But Tamaulipas citizens have turned to social media to generate information as well. Twitter users in particular have developed their own alert system to warn each other about risk situations like shootouts, grenades, or the presence of large groups of armed men in plainclothes.

Chuy: "Aqui hay una completa censura..."

"Chuy" is an active member of the citizen alert system in Tamaulipas. He says social media is the only way residents can find out about risk situations in real time. But the fact that violent incidents aren’t reported in the traditional local media allows state government officials to dodge their responsibility to give explanations, and to call the citizen reports the product of "collective psychosis". Chuy says when journalists on the U.S. side of the border pick up, give credibility, and apply journalistic rigor to the citizen reports in Mexico, it helps to validate the information that officials often ignore or minimize.

The Texas-based reporters who cover the situation in Tamaulipas do vet the information which comes through the social media alert system and try to supplement it with official, on-record statements. That’s not always easy to do, according to crime reporter Ildefonso Ortiz.

IldefonsoOrtiz: Official channels are not going to put out what's really happening and that is one of the reasons there's such a gap in information. The military will put out a press release about 'we seized this, we seized that' and if it's about a firefight, it has to be big enough and it'll be about three days later. From the state officials? You're never going to get a press release. It's vary rare and only when it's a positive thing.

Another complication is the de-facto ban many Texas outlets have placed on their reporters crossing into northern Mexico for work-related purposes. But again, social media users in Tamaulipas help to fill in the gaps, as "Chuy" explains.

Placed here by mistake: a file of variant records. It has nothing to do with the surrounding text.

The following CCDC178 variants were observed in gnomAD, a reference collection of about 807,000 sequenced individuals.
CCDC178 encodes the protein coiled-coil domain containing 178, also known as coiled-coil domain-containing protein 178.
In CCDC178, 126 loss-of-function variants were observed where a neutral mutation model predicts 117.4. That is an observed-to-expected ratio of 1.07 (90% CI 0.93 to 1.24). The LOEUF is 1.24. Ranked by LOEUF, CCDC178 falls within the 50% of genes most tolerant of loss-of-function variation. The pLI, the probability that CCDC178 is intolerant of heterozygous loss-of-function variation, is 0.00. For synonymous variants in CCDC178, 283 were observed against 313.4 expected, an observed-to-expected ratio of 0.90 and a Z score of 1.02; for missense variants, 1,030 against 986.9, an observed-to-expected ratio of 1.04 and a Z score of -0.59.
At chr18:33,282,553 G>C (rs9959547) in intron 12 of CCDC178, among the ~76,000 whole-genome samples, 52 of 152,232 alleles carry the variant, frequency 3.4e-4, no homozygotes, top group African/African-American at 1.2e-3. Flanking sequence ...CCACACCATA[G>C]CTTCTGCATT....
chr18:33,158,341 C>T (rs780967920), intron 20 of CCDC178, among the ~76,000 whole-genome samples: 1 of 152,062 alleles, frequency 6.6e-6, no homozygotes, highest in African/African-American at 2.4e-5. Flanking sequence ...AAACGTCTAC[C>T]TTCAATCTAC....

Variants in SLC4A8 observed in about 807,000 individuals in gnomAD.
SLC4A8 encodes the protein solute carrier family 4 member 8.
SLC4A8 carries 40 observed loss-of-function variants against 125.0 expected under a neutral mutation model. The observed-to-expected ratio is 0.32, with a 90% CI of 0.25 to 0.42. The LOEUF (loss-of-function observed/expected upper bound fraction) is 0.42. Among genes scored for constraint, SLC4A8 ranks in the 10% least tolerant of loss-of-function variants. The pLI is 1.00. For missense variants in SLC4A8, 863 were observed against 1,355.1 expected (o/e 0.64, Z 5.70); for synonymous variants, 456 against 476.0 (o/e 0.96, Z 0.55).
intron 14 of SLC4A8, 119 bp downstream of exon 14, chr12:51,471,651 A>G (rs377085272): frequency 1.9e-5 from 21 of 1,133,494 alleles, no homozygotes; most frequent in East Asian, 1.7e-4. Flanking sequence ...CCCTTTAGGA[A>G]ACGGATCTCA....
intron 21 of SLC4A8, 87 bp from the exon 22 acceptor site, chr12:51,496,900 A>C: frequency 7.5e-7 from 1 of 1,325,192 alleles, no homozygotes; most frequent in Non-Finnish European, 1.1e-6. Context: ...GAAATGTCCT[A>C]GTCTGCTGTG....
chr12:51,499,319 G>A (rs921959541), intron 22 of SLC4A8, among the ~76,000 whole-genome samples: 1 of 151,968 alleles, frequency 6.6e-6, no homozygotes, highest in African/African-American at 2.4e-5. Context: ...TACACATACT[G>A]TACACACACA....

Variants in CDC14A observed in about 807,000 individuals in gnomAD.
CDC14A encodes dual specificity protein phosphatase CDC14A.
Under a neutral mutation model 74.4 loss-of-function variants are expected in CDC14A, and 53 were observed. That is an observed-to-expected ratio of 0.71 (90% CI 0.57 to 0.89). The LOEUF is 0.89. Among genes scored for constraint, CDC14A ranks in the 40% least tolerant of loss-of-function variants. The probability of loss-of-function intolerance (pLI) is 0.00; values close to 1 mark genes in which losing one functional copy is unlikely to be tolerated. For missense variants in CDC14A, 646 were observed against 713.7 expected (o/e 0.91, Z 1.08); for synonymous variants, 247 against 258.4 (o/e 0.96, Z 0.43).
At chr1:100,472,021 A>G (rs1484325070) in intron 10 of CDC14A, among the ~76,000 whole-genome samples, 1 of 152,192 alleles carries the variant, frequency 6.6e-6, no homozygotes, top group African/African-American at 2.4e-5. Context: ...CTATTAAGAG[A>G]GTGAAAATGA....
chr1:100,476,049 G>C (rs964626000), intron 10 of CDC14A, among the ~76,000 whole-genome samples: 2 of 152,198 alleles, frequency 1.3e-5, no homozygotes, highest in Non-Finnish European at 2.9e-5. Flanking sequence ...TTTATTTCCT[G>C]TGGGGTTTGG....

Chuy: The disadvantage of the Texas reporters is that they aren't on-the-ground here. They often seek information through official channels and it's denied. They tend to rely on the citizens who have a good track record of reliable reporting. It's like team work. They support us by documenting the story and we support them by giving details about the events.

The outlets where Ortiz and Chapa work present information to their audiences in English, but both reporters use their twitter accounts to make sure relevant news gets out in Spanish as well. Chapa says both methods provide Tamaulipas residents with the information local reporters can't safely cover.

Sergio: Our signal doesn't stop at the river. It actually continues and goes very deep south into Mexico; almost an hour and a half south of the border. So, people can turn on and see our television broadcast if they so choose. And they can also read our stuff online and we know that they're reading and watching and they're very interested in that information and content and we're happy to provide it.

While the drug war violence and restrictive climate for press freedoms in Mexico are both situations that don't appear to have quick least the experiences in this region provide some hope that citizens and journalists on both sides of the border can work together to get a story out and help their communities stay informed.

For The World, I'm Shannon Young in McAllen, Texas